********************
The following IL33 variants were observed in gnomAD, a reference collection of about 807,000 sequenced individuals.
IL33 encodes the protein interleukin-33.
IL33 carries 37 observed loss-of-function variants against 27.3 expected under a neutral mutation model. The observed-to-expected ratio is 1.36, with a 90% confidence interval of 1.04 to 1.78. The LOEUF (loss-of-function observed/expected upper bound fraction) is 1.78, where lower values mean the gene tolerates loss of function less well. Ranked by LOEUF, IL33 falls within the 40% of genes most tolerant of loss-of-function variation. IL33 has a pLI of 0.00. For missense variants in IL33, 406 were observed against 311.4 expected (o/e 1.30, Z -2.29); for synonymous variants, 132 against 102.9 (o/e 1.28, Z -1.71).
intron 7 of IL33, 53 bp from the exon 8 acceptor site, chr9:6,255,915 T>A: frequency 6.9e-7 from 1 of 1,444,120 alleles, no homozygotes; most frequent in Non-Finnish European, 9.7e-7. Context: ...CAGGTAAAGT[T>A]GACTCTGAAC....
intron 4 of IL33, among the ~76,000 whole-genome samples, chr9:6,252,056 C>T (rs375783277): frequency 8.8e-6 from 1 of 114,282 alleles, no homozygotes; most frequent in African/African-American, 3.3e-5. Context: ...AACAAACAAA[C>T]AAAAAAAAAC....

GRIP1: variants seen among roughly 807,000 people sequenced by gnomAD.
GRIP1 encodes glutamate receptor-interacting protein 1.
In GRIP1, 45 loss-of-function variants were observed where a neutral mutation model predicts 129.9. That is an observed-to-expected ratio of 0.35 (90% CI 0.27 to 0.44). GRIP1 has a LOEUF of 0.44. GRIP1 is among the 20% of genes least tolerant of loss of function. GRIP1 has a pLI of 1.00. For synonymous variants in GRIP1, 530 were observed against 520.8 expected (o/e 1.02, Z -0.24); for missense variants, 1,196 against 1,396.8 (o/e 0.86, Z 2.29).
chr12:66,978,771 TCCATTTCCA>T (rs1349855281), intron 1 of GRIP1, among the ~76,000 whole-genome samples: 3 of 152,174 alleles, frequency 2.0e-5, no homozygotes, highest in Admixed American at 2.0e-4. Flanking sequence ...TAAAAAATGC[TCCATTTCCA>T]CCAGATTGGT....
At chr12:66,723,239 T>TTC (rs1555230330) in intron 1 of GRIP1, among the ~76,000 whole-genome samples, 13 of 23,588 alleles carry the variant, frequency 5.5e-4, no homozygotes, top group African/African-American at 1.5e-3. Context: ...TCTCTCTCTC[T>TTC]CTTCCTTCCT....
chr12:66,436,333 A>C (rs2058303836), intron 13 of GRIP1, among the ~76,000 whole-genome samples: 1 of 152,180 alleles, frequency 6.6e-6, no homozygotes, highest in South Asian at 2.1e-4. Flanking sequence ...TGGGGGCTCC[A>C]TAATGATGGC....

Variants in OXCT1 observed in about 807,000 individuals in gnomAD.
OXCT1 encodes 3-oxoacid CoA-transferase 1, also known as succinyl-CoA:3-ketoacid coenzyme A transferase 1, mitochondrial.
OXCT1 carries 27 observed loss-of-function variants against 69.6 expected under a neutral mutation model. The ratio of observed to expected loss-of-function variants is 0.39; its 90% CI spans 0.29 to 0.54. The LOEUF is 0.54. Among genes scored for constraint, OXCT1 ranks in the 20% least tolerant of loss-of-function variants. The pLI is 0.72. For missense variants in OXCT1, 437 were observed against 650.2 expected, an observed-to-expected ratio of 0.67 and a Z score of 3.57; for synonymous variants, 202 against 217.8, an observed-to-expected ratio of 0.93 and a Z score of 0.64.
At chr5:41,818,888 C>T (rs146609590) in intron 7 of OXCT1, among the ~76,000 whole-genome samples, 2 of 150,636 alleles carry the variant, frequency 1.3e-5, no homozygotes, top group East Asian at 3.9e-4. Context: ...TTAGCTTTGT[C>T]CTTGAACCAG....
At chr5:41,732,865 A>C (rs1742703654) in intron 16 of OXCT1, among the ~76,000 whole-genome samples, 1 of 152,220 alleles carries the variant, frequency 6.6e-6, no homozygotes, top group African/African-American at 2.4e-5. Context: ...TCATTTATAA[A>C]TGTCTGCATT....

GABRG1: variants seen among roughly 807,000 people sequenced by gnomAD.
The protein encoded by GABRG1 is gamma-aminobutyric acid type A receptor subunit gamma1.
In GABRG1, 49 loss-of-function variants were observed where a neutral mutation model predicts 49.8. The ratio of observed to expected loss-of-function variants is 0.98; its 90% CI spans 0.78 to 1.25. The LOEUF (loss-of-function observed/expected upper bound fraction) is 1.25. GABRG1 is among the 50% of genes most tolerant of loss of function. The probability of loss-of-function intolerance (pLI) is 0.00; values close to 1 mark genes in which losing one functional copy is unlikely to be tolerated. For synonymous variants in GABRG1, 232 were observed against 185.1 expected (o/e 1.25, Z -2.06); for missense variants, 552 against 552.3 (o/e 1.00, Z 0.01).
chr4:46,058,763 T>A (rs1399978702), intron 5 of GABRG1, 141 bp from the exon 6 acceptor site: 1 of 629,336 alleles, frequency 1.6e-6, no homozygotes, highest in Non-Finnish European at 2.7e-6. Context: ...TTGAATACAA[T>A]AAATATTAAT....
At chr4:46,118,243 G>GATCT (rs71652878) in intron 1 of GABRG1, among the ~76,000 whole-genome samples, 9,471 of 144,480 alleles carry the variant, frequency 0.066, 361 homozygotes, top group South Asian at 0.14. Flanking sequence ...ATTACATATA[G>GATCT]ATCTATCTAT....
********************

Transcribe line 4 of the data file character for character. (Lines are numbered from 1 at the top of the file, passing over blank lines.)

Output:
intron 7 of IL33, 53 bp from the exon 8 acceptor site, chr9:6,255,915 T>A: frequency 6.9e-7 from 1 of 1,444,120 alleles, no homozygotes; most frequent in Non-Finnish European, 9.7e-7. Context: ...CAGGTAAAGT[T>A]GACTCTGAAC....